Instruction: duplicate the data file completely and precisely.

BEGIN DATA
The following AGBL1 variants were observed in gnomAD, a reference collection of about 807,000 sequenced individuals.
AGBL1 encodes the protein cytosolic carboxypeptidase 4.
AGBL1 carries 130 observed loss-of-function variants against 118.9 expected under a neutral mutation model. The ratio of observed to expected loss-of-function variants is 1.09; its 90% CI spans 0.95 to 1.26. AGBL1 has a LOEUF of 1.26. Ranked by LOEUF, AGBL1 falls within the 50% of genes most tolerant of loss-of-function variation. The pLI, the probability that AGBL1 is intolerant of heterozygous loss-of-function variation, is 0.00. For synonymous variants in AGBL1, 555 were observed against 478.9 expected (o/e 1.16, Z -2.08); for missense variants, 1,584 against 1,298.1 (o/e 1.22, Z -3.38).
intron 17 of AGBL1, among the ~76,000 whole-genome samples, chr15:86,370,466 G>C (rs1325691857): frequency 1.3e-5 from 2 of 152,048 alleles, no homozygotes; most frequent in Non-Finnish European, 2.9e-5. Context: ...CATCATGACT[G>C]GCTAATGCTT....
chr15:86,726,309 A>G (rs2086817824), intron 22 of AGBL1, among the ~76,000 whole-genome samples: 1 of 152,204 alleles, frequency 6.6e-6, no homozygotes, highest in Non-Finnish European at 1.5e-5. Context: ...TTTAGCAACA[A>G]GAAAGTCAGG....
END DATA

The following AGBL1 variants were observed in gnomAD, a reference collection of about 807,000 sequenced individuals.
AGBL1 encodes the protein cytosolic carboxypeptidase 4.
AGBL1 carries 130 observed loss-of-function variants against 118.9 expected under a neutral mutation model. The ratio of observed to expected loss-of-function variants is 1.09; its 90% CI spans 0.95 to 1.26. AGBL1 has a LOEUF of 1.26. Ranked by LOEUF, AGBL1 falls within the 50% of genes most tolerant of loss-of-function variation. The pLI, the probability that AGBL1 is intolerant of heterozygous loss-of-function variation, is 0.00. For synonymous variants in AGBL1, 555 were observed against 478.9 expected (o/e 1.16, Z -2.08); for missense variants, 1,584 against 1,298.1 (o/e 1.22, Z -3.38).
intron 17 of AGBL1, among the ~76,000 whole-genome samples, chr15:86,370,466 G>C (rs1325691857): frequency 1.3e-5 from 2 of 152,048 alleles, no homozygotes; most frequent in Non-Finnish European, 2.9e-5. Context: ...CATCATGACT[G>C]GCTAATGCTT....
chr15:86,726,309 A>G (rs2086817824), intron 22 of AGBL1, among the ~76,000 whole-genome samples: 1 of 152,204 alleles, frequency 6.6e-6, no homozygotes, highest in Non-Finnish European at 1.5e-5. Context: ...TTTAGCAACA[A>G]GAAAGTCAGG....